Tough question about divorce
Hey, Journey Group Leaders...since many of you are going through the Sermon on the Mount material with Matthew's Book, you may bump into (or already did) some sticky questions about divorce and remarriage (Matthew 5:31-32). With so many marriages ending in divorce in our society, it's an issue we need to address with all grace and truth. Here are some official thoughts from CCC: The Historical Situation
At the time of Christ, the two prominent Jewish rabbinical leaders disagreed about the grounds for divorce that Moses gave in Deuteronomy 24:1-4. One leader attached sexual impropriety to uncleanness while the other more prominent leader took it much further where minor offenses such as the overcooking of dinner became legitimate grounds for divorce. In the case of Matthew 19:3-9, the intent of the question was to stir up trouble by getting Jesus to answer against one of the two schools of thought. Jesus answers them by reiterating the original intent of marriage as a life- long covenant and corrects the Pharisees statement that Moses commanded divorce with permitted divorce because of their hard hearts.
Jesus is clear that divorce is wrong except for sexual immorality. The word immorality used here is a general term for sexual uncleanness. Jesus is telling us that anyone who divorces and remarries commits adultery unless immorality has occurred. Jesus, as He does throughout the Sermon on the Mount, goes behind the letter of the Law to the spirit of it. He says that divorce for any reason other than immorality leads to adultery. Let’s remember the Jews in the audience of Matthew 19 would have assumed that a legally divorced person had the right to remarry and never heard of a divorce that didn’t carry with it the right to remarry. The idea that God permitted divorce for sexual immorality but forbade remarriage occurred in the post-apostolic era when the view of sexuality became a necessary evil and celibacy was elevated as the most God honoring lifestyle. Not only was marriage discouraged by remarriage after a divorce but remarriage after the death of a spouse was forbid. Based on Jesus’ teaching, divorce is permitted on the grounds of sexual immorality and assumed the right of remarriage.
If a person divorces on grounds other than sexual immorality and remarries commits adultery. When two people whose divorces weren’t valid in God’s sight come together in marriage, they break their former marriage covenant and commit adultery. But this is not a continuing state; from that point on they are husband and wife. God recognizes two people as married when they have met the civil requirements, even if their divorces were not valid in God’s eyes. So when two people marry after divorcing on grounds other than sexual immorality, they sin against the covenant of the previous marriage at the first sexual union. But this occurs only once as the new marriage covenant now comes into effect. This view should never take away from the effect of Christ’s restriction as deliberate disobedience is a serious matter. Followers who truly love the Lord will not lightly ignore or disobey Him.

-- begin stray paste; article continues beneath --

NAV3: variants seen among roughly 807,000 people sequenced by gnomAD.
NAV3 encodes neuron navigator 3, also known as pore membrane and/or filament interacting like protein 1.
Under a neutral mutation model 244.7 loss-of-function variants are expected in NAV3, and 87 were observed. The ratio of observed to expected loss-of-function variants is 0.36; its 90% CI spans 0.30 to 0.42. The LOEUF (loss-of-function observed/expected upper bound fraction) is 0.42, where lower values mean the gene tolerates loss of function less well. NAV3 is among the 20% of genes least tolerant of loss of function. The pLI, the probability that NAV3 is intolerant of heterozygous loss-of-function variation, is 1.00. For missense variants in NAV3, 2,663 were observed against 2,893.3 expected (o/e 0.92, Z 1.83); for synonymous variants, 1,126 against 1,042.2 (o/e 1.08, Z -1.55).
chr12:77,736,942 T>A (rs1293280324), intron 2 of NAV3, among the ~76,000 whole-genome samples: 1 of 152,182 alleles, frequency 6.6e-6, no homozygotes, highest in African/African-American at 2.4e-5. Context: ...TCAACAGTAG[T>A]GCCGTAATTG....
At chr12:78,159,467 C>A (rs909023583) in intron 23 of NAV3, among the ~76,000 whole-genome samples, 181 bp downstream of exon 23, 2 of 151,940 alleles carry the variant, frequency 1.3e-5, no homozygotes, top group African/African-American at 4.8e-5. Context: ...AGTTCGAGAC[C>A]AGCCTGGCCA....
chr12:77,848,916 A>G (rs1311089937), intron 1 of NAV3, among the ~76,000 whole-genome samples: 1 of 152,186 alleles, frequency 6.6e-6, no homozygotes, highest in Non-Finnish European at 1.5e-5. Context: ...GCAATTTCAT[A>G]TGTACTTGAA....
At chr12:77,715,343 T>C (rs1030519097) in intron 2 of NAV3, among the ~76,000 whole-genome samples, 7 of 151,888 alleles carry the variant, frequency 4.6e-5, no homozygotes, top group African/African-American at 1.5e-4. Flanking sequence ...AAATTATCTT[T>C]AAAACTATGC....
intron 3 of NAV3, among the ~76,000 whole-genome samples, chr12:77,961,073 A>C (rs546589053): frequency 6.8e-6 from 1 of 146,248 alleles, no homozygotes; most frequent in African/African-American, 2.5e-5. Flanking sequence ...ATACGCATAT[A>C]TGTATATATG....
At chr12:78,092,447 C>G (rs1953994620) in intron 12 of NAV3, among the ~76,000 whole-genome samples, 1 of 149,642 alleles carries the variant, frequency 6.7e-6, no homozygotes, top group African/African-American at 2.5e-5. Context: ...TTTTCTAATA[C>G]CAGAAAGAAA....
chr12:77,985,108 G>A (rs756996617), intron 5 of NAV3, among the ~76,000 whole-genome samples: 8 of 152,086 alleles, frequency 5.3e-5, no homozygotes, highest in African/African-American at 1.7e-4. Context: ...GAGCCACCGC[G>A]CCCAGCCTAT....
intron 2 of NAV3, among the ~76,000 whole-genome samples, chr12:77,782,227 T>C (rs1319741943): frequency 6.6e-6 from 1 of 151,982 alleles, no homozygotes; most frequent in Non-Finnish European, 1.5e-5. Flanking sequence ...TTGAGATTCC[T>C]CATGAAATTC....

The Other Allowance
In 1 Corinthians 7:8-15, the Apostle Paul instructs single people to remain single and married people to remain married and a believer choosing to marry another believer is permissible. However, permission is given for divorce and remarriage on the grounds of the abandonment of a believer by an unbelieving spouse from verse 15. “But if the unbeliever leaves, let him do so. A believing man or woman is not bound in such circumstances; God has called us to live in peace.” Whereas Jesus’ statements in Matthew were addressed to a Jewish audience under the Mosaic Law, Paul’s statements were to believers of Jewish and Gentile descent on the other side of the resurrected Christ. As the instance of Gentile believers married to unbelieving spouses occurred, some marriages were able to remain intact while other nonbelieving spouses may have wanted their believing mate to renounce Christ or end the marriage.
Based upon Matthew 19 and 1 Corinthians 7:15 we discover two grounds for divorce: sexual immorality and the abandonment of a believer by an unbelieving spouse. These two grounds for divorce are also grounds for remarriage.
Ministering To the Offender
We glorify God by showing love for the offenders. This is best demonstrated by treating them kindly, doing our best to lead them to repentance and forgiving them when they do. A mistake often made is to view divorce as the sin of all sins. People who have divorced on inadequate grounds and remarry have sinned, but their sin is just as forgivable as any other sin. People who disobey God in their divorce and remarriage must be shown love, even though we don’t approve of what they did. The aim should be their repentance and restoration to fellowship.